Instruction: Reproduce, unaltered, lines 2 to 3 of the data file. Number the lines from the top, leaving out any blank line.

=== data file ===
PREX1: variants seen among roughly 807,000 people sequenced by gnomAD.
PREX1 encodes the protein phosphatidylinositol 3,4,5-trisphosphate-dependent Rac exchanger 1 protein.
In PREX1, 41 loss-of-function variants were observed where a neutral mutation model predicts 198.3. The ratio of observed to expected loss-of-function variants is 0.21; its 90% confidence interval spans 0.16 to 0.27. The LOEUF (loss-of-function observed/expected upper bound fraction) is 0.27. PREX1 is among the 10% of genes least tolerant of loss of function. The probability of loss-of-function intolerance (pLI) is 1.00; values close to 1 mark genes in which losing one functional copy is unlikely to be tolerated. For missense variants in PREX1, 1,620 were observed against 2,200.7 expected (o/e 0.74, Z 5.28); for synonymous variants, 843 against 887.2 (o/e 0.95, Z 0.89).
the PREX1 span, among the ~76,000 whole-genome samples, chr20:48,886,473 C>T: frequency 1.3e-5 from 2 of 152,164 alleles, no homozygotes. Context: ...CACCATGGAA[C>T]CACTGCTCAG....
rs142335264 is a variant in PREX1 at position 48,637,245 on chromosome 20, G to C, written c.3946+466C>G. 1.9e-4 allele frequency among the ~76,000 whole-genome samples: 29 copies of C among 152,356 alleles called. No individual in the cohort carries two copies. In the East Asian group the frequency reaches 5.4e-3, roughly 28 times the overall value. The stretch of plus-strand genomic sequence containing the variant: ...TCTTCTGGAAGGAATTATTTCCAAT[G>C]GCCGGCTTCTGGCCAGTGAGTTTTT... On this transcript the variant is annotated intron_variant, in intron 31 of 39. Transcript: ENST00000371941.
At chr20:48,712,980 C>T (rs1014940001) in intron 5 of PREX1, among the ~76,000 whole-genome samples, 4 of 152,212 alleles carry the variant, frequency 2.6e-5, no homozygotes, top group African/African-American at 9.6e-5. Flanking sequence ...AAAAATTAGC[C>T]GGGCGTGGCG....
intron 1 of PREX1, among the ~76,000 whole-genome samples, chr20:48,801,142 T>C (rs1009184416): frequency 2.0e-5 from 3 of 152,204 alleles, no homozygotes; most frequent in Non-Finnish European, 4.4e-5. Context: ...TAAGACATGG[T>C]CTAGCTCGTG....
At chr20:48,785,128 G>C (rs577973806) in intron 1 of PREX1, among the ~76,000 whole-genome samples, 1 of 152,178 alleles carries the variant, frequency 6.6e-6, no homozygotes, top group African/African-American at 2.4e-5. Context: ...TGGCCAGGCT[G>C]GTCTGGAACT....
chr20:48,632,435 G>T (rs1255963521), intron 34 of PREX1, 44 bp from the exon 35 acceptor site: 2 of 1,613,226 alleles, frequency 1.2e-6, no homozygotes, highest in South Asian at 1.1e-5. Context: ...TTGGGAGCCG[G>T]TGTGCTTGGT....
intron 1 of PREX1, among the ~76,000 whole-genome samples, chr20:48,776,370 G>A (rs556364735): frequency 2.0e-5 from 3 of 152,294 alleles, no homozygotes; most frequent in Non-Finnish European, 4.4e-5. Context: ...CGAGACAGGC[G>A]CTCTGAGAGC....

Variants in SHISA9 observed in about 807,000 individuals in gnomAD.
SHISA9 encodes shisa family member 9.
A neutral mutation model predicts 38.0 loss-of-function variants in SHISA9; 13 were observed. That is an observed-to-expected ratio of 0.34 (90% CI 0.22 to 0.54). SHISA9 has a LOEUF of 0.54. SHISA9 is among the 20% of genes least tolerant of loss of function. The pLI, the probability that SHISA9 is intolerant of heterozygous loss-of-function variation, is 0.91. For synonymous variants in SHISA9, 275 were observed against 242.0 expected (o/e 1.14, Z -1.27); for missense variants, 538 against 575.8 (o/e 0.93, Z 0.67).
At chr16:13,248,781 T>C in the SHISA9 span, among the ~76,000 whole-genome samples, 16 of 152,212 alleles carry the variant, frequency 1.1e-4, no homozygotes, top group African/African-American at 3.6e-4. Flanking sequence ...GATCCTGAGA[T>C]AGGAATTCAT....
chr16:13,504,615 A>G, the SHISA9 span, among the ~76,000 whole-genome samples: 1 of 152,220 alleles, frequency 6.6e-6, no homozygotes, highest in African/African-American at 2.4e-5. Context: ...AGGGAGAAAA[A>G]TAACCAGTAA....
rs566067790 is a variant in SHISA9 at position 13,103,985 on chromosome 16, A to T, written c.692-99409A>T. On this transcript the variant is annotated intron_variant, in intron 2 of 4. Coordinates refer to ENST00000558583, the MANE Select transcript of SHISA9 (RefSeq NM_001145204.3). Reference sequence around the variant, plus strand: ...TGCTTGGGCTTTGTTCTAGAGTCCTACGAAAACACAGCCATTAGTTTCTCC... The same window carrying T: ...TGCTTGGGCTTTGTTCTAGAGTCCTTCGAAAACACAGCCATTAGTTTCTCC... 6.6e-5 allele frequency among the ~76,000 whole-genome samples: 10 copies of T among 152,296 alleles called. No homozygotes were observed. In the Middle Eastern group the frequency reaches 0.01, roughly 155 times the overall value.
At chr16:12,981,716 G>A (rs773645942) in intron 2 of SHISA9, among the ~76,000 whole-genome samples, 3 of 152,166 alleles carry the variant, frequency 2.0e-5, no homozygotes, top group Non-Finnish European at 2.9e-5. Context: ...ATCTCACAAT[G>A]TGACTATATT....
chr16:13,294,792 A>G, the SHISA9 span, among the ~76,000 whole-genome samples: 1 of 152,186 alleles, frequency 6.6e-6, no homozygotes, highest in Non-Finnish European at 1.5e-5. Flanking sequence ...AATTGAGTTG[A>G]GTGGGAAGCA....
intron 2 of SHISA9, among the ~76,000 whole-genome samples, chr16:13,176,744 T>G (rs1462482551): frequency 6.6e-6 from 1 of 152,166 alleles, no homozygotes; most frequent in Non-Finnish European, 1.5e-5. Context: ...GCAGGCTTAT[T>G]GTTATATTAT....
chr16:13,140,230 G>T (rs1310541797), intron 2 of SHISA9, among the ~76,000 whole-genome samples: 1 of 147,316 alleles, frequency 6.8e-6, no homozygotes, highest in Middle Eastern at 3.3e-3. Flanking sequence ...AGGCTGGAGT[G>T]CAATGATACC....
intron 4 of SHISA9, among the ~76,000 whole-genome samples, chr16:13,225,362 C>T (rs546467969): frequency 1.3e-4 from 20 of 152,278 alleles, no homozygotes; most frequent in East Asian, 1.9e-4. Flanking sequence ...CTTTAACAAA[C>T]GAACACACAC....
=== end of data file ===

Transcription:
PREX1 encodes the protein phosphatidylinositol 3,4,5-trisphosphate-dependent Rac exchanger 1 protein.
In PREX1, 41 loss-of-function variants were observed where a neutral mutation model predicts 198.3. The ratio of observed to expected loss-of-function variants is 0.21; its 90% confidence interval spans 0.16 to 0.27. The LOEUF (loss-of-function observed/expected upper bound fraction) is 0.27. PREX1 is among the 10% of genes least tolerant of loss of function. The probability of loss-of-function intolerance (pLI) is 1.00; values close to 1 mark genes in which losing one functional copy is unlikely to be tolerated. For missense variants in PREX1, 1,620 were observed against 2,200.7 expected (o/e 0.74, Z 5.28); for synonymous variants, 843 against 887.2 (o/e 0.95, Z 0.89).